MySpace is not for sale, a bearish Murdoch says in Sun Valley

Rupert Murdoch says he won't sell MySpace, doesn't want to buy Twitter and is still bearish about the economy.

Not one to shy away from a microphone, Murdoch spoke to media outlets during the Allen & Co.'s Sun Valley media conference in Sun Valley, Idaho. The event attracts current technology celebrities such as Twitter CEO Evan Williams, Google (GOOG) CEO Eric Schmidt and even non-tech celebs, such as NBA superstar LeBron James.

While the New York Post said James went to learn how to expand his marketing company, Murdoch may be thinking of continuing to contract his social-networking site MySpace, which had two rounds of layoffs in June.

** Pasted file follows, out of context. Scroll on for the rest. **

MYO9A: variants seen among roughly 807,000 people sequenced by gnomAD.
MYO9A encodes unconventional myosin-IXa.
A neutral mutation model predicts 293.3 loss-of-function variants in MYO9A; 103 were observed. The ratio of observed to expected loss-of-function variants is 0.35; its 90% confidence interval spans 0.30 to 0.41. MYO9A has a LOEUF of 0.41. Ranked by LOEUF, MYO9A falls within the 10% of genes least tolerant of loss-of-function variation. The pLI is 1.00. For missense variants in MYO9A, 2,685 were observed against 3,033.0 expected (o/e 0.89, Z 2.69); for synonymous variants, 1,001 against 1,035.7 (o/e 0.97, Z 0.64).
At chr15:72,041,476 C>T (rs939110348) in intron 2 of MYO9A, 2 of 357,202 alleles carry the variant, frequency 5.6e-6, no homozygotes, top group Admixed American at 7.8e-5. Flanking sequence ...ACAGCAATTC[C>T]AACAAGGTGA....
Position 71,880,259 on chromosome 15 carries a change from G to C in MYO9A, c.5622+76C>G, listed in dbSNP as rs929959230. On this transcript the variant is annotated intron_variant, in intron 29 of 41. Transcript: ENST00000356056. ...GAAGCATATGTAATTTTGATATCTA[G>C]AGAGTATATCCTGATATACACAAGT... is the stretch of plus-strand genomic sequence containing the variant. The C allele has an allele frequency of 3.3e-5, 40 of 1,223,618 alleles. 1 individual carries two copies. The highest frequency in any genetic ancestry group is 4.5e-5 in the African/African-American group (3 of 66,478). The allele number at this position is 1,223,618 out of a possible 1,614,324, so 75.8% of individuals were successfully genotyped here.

"I'm shocked at the business mood, which is either that we're at the bottom or going lower, but that it's going to take years and years, like five years at least, before we see any real growth coming out of this," Murdoch said in an interview with Fox Business Network at the conference.

"Bearish, very bearish," was his assessment of the mood at the conference. Staying with the bearish theme, Murdoch told Reuters that a company looking to buy micro-blogging Web site Twitter, should "be careful." Makes sense that he would say that considering how his $580 million purchase of MySpace in 2005 has fared.

Google CEO Eric Schmidt described the mood at the Idaho conference as "somber," Reuters reported, saying speakers at the conference spoke of a flat economic recovery. He said that while the "worst is behind us, speaking generally, not specifically to Google," he's not seeing strong signs of a fast recovery.

Anthony Massucci is a senior writer for DailyFinance. You may follow him on Twitter at hianthony.

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